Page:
New chief for Louth Gardai
THE new chief superintendent of the Gardai in Louth has been named as Christy Mangan (pictured), a highly decorated officer with more than 35 years experience in the force and who rose to prominence as the lead investigator in the ‘Scissor Sisters’ case and as head of the Cold Case Unit, which included a review of the Irene White case.
CS Managan, originally from County Meath, has been twice awarded the Walter Scott medal for valour, for twice confronting armed men - once during a bank robbery in 1988 and again in 1996 during a raid on an apartment in Dublin. He replaces Chief Superintendent Sean Ward who had been in the top job in Louth since January 2016.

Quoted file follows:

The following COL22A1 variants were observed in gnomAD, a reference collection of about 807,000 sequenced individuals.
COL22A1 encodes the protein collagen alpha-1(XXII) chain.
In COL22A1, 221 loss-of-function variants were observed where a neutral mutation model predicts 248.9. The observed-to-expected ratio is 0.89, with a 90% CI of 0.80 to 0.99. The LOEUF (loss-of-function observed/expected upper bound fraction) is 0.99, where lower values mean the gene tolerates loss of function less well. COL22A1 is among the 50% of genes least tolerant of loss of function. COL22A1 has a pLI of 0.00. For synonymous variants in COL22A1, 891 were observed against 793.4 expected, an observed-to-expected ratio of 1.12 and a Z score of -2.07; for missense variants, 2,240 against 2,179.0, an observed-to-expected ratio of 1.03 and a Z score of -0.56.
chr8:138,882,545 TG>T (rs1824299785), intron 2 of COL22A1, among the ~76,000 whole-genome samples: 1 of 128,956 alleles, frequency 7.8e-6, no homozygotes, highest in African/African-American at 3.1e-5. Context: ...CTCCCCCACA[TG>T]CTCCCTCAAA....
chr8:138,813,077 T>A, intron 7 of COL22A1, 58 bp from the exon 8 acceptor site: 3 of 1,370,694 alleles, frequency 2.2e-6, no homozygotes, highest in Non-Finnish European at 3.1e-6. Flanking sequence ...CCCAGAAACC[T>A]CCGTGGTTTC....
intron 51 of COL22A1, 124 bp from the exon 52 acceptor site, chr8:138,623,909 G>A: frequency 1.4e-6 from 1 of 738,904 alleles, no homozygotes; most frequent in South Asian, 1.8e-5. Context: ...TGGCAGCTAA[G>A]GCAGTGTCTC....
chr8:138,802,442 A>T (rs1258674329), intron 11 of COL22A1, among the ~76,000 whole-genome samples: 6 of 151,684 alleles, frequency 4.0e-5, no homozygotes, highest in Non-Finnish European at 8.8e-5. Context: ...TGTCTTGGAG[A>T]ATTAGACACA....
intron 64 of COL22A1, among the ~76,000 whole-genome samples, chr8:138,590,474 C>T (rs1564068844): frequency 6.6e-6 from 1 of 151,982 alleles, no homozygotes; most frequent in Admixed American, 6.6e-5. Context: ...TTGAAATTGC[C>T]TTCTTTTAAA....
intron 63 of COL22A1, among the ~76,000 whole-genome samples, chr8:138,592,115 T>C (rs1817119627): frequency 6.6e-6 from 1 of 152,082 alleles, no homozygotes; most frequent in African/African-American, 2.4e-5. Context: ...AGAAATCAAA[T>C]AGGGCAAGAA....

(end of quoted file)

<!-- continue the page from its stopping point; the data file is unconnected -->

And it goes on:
CS Mangan made the move from the Cavan-Monaghan division, where he has served as chief superintendent since August 2016, to Louth’s divisional headquarters in Drogheda where he took up his new post earlier this month.
CS Mangan is a former detective superintendent who, in 2007, headed up the Cold Case Unit, also known as the Serious Crime Review Team, to conduct reviews of unsolved murders and disappearances.
Located at the National Bureau of Criminal Investigation at Harcourt Square, the unit has reviewed a large number of the State’s most prominent unsolved cases, including the death of Dundalk mum, Irene White, and the disappearance of local teenager, Ciara Breen.
CS Managan has spent most of his career in Dublin, starting out in Crumlin and Drimnagh, and he was appointed to the Garda National Drugs Unit. In the 1980s, 1990s and 2000s, he was involved in serious and violent crime investigations in Dublin, including the Scissor Sisters case where sisters Linda and Charlotte Mulhall killed and dismembered their mother’s boyfriend, Farah Swaleh Noor, in 2005.